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METROLINK COLLISION: PORTRAITS OF LOSS / Atul Vyas

Diverse lives, one tragic link

A popular teacher, a much-admired boss, an 'awesome' mother and more. . . . In coming days, The Times will continue to profile the victims of the crash.

September 14, 2008|Gale Holland

He aimed to be a doctor

Atul Vyas was on the Metrolink train on his way home to Simi Valley from Claremont McKenna College, where he was preparing for a career as a medical doctor. Only 20, he was interviewing for a graduate program next year at MIT and Harvard that combined science and math.

"He was a thoroughly brilliant kid, flying high," said his father, Vijay Vyas, an engineer. "Ask his professors."

Atul and his brother, who graduated from Claremont McKenna last year, took the train home every two or three weeks to enjoy the comforts of family. They both loved the convenience.

As he passed through downtown Los Angeles, Atul called his mother to let her know when to pick him up in Simi Valley, his father said. "When he didn't arrive, she called me, frantic. It's ridiculous. He's still a baby."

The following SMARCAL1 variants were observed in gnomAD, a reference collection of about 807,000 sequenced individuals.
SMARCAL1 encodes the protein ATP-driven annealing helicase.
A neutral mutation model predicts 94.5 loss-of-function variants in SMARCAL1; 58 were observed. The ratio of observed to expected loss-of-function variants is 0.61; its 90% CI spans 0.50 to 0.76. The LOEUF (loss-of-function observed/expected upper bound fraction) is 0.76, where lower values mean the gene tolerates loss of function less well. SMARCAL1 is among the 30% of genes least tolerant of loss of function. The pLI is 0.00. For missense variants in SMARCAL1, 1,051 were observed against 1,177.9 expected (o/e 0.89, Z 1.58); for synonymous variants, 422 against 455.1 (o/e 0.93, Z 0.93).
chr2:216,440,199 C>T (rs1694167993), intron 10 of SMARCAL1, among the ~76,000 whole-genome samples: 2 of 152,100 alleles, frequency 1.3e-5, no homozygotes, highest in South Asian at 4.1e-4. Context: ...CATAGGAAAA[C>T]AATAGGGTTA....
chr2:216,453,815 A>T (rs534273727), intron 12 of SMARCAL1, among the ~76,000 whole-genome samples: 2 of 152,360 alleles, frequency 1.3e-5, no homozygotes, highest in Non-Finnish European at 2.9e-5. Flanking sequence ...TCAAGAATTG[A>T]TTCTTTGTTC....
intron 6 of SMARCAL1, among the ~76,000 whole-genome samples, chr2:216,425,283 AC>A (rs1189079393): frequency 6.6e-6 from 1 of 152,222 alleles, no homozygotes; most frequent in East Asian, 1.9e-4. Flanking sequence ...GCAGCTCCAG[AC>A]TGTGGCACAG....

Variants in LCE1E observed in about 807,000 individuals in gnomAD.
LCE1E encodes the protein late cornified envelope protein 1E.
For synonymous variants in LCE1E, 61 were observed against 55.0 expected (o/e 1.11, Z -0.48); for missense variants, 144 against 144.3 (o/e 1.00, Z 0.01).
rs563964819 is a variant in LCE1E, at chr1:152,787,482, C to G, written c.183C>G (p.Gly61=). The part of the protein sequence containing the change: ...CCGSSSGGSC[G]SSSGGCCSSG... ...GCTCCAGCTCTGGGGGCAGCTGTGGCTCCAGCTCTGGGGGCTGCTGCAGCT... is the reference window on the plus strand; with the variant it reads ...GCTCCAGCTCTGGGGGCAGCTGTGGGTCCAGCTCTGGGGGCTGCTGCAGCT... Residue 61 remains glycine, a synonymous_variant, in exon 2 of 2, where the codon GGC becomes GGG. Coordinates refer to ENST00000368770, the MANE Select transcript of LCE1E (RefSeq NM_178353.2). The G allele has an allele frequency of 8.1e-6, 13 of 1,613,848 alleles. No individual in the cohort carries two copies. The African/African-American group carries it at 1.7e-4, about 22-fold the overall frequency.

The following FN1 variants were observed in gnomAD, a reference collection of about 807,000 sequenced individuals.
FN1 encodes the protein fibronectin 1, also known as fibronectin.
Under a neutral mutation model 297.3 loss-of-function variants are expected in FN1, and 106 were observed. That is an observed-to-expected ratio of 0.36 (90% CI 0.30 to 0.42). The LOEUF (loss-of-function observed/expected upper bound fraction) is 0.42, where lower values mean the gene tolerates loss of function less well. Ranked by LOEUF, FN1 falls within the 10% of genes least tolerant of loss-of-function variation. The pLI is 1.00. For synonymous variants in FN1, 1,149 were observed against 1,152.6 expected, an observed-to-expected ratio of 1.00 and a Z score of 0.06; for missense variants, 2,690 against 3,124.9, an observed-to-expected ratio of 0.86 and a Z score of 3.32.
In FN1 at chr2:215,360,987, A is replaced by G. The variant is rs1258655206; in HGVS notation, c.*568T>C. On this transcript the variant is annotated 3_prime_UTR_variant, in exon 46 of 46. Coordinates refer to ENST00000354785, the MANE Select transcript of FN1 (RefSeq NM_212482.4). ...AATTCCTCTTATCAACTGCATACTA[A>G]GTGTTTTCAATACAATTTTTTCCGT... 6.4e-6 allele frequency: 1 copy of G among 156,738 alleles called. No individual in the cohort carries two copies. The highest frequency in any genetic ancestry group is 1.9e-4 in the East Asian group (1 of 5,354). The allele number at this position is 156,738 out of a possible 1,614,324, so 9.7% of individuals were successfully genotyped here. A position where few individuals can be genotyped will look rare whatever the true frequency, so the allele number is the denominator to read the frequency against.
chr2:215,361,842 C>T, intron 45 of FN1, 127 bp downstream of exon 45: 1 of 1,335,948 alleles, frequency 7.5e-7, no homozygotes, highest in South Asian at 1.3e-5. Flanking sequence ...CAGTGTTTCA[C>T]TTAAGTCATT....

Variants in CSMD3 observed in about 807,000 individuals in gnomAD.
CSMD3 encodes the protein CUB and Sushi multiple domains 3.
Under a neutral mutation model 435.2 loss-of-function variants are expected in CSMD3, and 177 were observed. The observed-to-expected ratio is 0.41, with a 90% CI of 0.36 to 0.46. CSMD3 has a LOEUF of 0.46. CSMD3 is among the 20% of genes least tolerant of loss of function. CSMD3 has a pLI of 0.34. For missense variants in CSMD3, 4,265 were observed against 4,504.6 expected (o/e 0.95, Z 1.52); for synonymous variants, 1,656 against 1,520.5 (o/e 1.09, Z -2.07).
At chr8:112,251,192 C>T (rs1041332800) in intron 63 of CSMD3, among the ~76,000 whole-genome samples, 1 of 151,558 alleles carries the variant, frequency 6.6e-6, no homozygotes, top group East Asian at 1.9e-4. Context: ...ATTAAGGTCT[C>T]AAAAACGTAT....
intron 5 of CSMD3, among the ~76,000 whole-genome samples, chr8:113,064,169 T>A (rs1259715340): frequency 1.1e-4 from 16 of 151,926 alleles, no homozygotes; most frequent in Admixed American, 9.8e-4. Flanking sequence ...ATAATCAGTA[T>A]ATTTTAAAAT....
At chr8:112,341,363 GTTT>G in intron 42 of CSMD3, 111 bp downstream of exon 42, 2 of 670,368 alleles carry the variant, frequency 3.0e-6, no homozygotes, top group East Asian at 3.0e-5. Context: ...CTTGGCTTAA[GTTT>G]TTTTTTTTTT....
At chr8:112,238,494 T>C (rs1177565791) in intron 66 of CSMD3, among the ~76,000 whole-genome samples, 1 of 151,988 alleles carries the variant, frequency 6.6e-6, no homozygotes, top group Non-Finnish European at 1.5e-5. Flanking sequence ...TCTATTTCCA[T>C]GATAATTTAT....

Atul enjoyed sports, including basketball, and "all kinds of weird dancing. You know these kids, they're into weird things," his father said. Though of Indian descent, Atul was inducted into a Latino club at school because "they loved him so much. He was a very popular kid."

The brother, working in London as a investment banker, had not yet learned of Atul's death, his father said.

"This is beyond absurd," he said. "They say only the good die young, and it's absurdly true."

-- Gale Holland

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